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Re: RE Heavywoks vs Avid Film Composer





>What I had heard was that lightworks "recreated" the 24 fps when creating
>the lists while Avid actually digitized with this information and it
>actually followed through the whole process.  What does this change?  I
>actually don't know, for I have never tried it, but I was told by some
>editors (and others) that it was a "safer" process.
>

Lightworks and Avid both derive 24 images per second from transfers with 3:2
pulldown by digitizing only one field of each video frame. In the case of
Avid, only field 1 is digitized. In the case of Lightworks, only field 2 is
digitized. By not digitizing the one video frame in a 5 frame sequence that
duplicates a film frame image, the original 24 images are recovered. In the
case of Avid, that means that the first field of frame 3 in the video
sequence (the third field of the "B" film frame) is not digitized. In the
case of Lightworks, it's the second field of frame 5 (the third field of the
"D" film frame).
The real difference comes in the playout, which is what you're probably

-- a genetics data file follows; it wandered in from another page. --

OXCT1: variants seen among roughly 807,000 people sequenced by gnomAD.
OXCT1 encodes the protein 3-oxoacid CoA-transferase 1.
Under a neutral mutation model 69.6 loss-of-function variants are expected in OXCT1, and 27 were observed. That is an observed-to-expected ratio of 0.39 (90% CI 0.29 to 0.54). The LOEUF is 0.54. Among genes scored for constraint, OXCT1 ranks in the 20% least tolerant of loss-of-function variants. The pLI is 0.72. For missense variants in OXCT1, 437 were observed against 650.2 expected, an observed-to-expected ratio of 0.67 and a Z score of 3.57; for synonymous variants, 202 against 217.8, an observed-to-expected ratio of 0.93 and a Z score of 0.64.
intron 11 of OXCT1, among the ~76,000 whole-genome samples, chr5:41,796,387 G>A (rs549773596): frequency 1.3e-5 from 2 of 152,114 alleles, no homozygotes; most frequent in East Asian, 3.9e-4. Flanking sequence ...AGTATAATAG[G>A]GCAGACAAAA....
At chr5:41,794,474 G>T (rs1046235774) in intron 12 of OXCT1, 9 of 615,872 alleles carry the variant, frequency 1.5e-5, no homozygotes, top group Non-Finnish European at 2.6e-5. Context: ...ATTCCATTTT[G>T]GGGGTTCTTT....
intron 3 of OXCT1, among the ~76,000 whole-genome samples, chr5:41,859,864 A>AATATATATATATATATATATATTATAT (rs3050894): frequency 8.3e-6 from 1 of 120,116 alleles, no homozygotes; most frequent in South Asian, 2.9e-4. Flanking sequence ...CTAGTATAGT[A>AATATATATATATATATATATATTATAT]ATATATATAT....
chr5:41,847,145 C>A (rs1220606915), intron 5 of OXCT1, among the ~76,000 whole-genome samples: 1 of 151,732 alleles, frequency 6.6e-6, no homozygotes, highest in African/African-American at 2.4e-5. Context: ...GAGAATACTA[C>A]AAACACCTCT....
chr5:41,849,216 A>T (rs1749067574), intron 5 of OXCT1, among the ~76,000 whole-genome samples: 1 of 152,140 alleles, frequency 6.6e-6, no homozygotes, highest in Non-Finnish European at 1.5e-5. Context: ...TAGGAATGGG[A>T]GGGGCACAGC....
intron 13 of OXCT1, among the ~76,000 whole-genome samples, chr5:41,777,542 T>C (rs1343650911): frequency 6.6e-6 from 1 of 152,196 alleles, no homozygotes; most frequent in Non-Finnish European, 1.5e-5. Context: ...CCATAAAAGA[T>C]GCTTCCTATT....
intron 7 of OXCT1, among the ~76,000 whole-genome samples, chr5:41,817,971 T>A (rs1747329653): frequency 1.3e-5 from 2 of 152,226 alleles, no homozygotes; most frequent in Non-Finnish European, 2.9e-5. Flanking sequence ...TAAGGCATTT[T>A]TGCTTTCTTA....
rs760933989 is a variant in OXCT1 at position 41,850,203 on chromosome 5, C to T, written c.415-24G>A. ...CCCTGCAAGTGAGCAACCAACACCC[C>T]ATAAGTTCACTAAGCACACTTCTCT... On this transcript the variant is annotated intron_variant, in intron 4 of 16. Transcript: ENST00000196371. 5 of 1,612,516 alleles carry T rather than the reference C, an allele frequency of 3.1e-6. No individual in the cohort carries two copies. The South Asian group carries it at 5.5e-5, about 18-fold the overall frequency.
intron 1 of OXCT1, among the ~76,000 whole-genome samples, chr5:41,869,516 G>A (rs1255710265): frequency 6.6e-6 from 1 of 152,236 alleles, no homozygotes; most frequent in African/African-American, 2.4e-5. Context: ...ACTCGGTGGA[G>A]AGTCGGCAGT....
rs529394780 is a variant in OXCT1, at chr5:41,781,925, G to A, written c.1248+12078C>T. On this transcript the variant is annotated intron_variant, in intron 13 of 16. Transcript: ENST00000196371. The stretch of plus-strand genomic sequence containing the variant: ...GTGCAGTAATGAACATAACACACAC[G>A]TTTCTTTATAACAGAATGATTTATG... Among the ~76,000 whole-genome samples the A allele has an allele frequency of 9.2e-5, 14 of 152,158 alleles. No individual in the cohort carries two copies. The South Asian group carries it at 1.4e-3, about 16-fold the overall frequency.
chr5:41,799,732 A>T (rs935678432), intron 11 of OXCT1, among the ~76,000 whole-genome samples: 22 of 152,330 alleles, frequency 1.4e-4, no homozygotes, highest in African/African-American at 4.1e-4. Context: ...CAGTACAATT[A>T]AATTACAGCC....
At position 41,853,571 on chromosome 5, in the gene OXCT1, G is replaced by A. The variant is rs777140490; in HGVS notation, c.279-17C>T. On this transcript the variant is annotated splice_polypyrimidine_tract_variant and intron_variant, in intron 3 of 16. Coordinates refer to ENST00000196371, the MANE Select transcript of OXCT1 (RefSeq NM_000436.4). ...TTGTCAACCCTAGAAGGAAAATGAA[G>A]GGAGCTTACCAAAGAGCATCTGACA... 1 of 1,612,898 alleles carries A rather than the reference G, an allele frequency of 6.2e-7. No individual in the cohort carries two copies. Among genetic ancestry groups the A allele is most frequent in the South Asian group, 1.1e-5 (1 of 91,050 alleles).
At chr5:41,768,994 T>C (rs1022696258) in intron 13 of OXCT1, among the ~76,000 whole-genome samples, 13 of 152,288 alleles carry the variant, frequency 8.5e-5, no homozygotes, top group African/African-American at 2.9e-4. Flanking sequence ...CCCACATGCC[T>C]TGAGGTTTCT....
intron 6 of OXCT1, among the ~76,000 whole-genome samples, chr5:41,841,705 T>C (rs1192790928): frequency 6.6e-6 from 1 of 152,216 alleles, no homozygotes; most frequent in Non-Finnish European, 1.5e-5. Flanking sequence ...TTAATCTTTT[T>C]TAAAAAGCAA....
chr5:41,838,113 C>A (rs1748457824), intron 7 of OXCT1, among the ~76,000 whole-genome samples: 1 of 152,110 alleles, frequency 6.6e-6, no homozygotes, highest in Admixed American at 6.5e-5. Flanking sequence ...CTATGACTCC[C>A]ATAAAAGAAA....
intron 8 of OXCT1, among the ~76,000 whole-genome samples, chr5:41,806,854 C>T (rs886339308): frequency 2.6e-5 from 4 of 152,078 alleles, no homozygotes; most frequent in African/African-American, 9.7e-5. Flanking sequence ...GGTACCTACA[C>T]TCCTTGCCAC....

referring to. Avid only has one playout mode for 24 frame editing (in an
NTSC system). This mode creates an output that mimics a continuous piece of
film, with 3:2 pulldown inserted continuously from the beginning of the
piece to the end. This output will exactly match a video transfer of the
assembled film, accurate down to the field. It does not, however, match a
video online assembly from the dailies that were originally supplied.
Although the action will match, the cut points can and do vary by a field in
either direction. This is because in a video online assembly, all edits are
forced to field 1, unlike a transfer from assembled film where the edit
points will fall on either field 1 or 2, depending on the 3:2 sequence at
the cut point. Not to mention the fact that the 3:2 pulldown created by the
Avid on output is not necessarily the same, on a cut by cut basis, as the
original dailies transfer. Lightworks can also output in a film mode that is
identical to the Avid method I just described. But Lightworks also has an
"online" output mode that correctly re-inserts the 3:2 pulldown on a shot by
shot basis to be accurate to the original dailies, and then forces every
edit to field 1. This output matches a video assembled version that uses the
Lightworks supplied EDL. Although I personally prefer Avid for reasons
unrelated to this one feature, I have long wished that they would create an
"online" digital cut mode for those programs that are finished on tape.

Mike Most, Encore Video, L.A.



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